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מוֹדה אֲנִי | Returning the body to the soul: an adaptation of Modeh Ani by Moshe ibn Makhir

https://opensiddur.org/?p=5924 מוֹדה אֲנִי | Returning the body to the soul: an adaptation of Modeh Ani by Moshe ibn Makhir 2013-02-10 15:51:42 <em>Modeh Ani</em> first appeared as an addendum in <em>Seder ha-Yom</em> (1599) by Moshe ibn Makhir of Safed. A slightly different formula offers a deep insight into who and what has returned to one's self upon waking. Text the Open Siddur Project Aharon N. Varady (translation) Aharon N. Varady (translation) Ya'qub Ibn Yusuf Mosheh ben Yehudah ibn Makhir https://opensiddur.org/copyright-policy/ Aharon N. Varady (translation) https://creativecommons.org/licenses/by-sa/4.0/ Birkhot haShaḥar Wakefulness Gratitude thankfulness waking 21st century C.E. 58th century A.M. מודה אני Modeh Ani רשות reshut מודים Modim
I have difficulty with the idea of thanking God for “returning my soul to me” sheheḥezarta bi nishmati when I’m getting up with an awareness of trying to stay in touch with my dreams. It’s not my soul that’s been missing through the night; I’m returning to experience my body. So I much prefer what I heard someone suggest, that instead of saying nishmati (my soul), to say instead ha-[hitgalmut shel] nishmati (the embodiment of my soul). I thank God for returning me to my body — my soul was never missing! In the words of my Sufi teacher Murat Yagan, “I am a soul, and I have a body.” –Ya’qub ibn Yusuf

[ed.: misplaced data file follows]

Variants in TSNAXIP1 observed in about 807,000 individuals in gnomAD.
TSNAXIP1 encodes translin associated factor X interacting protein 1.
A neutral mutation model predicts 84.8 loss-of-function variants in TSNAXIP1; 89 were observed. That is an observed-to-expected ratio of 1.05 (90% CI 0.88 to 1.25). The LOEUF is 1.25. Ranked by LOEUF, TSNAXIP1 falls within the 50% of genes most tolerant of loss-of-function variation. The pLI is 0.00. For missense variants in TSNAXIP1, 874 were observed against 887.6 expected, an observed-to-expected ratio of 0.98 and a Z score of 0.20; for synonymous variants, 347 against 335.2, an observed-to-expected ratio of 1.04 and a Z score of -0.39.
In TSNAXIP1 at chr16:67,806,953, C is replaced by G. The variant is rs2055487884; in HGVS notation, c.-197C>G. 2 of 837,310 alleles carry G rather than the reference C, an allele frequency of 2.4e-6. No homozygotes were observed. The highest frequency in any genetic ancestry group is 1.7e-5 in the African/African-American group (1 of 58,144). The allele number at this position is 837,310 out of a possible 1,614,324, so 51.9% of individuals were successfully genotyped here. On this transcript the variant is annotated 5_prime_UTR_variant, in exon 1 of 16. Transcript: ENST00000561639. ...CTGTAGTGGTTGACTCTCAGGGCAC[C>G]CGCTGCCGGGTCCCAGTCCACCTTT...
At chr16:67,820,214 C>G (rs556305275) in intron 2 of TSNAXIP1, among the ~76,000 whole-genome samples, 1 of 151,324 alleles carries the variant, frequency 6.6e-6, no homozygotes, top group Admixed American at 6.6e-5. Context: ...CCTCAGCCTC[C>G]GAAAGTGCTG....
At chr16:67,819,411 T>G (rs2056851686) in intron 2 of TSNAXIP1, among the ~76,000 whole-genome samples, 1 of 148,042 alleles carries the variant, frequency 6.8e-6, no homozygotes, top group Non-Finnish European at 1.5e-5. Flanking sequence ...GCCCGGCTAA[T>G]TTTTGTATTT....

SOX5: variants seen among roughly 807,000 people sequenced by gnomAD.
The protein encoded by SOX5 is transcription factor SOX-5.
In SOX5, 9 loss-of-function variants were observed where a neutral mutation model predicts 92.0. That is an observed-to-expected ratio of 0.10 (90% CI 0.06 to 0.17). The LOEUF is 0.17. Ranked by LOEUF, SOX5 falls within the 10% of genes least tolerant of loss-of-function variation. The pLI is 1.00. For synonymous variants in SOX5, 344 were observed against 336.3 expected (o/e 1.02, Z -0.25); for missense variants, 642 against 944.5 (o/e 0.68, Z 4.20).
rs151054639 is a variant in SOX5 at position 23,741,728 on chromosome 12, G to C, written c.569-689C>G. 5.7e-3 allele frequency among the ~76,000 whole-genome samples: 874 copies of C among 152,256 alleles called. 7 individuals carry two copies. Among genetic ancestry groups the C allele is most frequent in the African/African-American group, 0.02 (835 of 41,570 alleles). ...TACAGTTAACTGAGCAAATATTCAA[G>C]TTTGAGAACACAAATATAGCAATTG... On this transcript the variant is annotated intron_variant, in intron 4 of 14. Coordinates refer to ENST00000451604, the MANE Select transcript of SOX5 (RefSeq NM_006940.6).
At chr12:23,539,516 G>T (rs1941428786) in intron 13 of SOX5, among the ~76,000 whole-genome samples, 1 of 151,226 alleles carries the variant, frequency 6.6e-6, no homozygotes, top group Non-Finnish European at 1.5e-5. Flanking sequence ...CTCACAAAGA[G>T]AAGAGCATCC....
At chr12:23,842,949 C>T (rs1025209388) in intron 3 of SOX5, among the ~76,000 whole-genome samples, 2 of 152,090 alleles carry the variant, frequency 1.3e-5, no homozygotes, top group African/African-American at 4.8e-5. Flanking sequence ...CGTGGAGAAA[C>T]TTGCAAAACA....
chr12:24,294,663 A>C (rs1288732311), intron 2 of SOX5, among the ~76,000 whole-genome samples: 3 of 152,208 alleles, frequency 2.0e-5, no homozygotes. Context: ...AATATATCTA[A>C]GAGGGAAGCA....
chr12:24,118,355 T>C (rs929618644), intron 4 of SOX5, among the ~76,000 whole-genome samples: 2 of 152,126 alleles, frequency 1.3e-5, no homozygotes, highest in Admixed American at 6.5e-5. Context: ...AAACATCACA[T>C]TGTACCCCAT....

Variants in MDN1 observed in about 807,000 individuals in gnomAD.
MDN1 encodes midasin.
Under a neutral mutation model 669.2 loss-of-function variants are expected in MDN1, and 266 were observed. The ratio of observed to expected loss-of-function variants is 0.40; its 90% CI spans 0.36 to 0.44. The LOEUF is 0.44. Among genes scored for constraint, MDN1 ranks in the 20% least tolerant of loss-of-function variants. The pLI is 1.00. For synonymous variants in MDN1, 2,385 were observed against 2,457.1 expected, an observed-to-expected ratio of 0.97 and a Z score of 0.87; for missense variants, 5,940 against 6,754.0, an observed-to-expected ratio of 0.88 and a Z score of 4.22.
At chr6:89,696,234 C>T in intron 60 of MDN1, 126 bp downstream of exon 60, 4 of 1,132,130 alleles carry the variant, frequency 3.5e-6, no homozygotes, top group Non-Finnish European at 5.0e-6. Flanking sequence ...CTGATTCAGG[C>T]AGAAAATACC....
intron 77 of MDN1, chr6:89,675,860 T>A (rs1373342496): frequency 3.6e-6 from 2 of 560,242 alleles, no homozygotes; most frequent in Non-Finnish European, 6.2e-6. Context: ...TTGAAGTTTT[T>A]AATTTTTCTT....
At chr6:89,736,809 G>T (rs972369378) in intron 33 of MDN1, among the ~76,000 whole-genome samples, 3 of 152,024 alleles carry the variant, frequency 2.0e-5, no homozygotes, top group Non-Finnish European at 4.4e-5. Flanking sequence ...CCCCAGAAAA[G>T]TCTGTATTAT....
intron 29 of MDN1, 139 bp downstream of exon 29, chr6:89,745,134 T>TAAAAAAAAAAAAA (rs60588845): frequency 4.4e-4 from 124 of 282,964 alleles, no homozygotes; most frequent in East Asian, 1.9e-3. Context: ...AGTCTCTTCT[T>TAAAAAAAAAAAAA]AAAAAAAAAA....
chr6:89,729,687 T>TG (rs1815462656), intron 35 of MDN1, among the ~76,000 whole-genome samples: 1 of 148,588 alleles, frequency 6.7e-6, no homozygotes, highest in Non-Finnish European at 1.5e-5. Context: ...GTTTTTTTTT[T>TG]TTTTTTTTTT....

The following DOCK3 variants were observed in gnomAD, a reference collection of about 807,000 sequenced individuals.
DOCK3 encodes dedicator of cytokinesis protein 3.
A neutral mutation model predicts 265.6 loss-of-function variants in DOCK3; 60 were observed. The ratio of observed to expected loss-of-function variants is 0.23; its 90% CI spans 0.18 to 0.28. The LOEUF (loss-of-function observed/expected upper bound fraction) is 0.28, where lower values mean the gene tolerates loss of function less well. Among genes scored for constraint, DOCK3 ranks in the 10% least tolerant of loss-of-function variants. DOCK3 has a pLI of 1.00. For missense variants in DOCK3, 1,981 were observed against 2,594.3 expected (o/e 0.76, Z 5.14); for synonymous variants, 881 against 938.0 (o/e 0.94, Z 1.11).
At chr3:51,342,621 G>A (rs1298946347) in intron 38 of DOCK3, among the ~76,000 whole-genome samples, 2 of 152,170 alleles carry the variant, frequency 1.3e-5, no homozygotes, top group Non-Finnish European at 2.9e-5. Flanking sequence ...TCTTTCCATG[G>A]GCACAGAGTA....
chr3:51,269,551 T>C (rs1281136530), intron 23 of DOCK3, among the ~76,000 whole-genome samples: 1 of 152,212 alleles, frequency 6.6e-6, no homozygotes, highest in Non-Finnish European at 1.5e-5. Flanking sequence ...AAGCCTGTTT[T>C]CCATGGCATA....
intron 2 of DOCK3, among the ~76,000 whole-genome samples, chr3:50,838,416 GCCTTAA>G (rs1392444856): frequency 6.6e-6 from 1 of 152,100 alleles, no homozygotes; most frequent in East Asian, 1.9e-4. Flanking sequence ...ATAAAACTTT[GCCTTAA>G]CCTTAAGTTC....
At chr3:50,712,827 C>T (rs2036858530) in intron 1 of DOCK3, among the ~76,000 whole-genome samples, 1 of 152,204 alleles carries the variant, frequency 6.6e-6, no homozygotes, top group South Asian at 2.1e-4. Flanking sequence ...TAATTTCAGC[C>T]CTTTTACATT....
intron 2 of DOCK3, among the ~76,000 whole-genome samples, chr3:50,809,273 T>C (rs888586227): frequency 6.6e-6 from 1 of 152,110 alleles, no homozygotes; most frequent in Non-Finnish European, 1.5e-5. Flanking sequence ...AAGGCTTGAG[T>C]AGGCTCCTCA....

Source (Hebrew) Translation (English)
מוֹדָה|מוֹדֶה אֲנִי לְפָנֶיךָ
מֶֽלֶךְ חַי וְקַיָּם
שֶׁהֶחֱזַרְתָּ בִּי
הַהִתְגַּלְּמוּת שֶׁל נִשְׁמָתִי
בְּחֶמְלָה
רַבָּה אֱמוּנָתֶךָ‏׃
So thankful am I before you,
Living and enduring Majesty,
for you have returned to me
the embodiment of my soul
with compassion.
So great is your faith!

Modeh Ani first appeared as an addendum in Seder ha-Yom (1599) by Moshe ibn Makhir of Safed. Around February 2012, I was sitting with Ya’qub ibn Yusuf in his bookstore, Olam Qatan (then at 54 Emek Refaim in South Jerusalem), asking if he might share some useful practice that I might share through the Open Siddur Project. He offered this thought which he had heard from someone else. (Unfortunately, Ya’qub could not remember who taught this insight. If you know its origin, please contact us or share in the comments.) The Hebrew adaptation and translation I’ve offered is based upon Ya’qub’s teaching. Read more on Modeh Ani from Shmuel Gonzales at Hardcore Mesorah. –Aharon Varady

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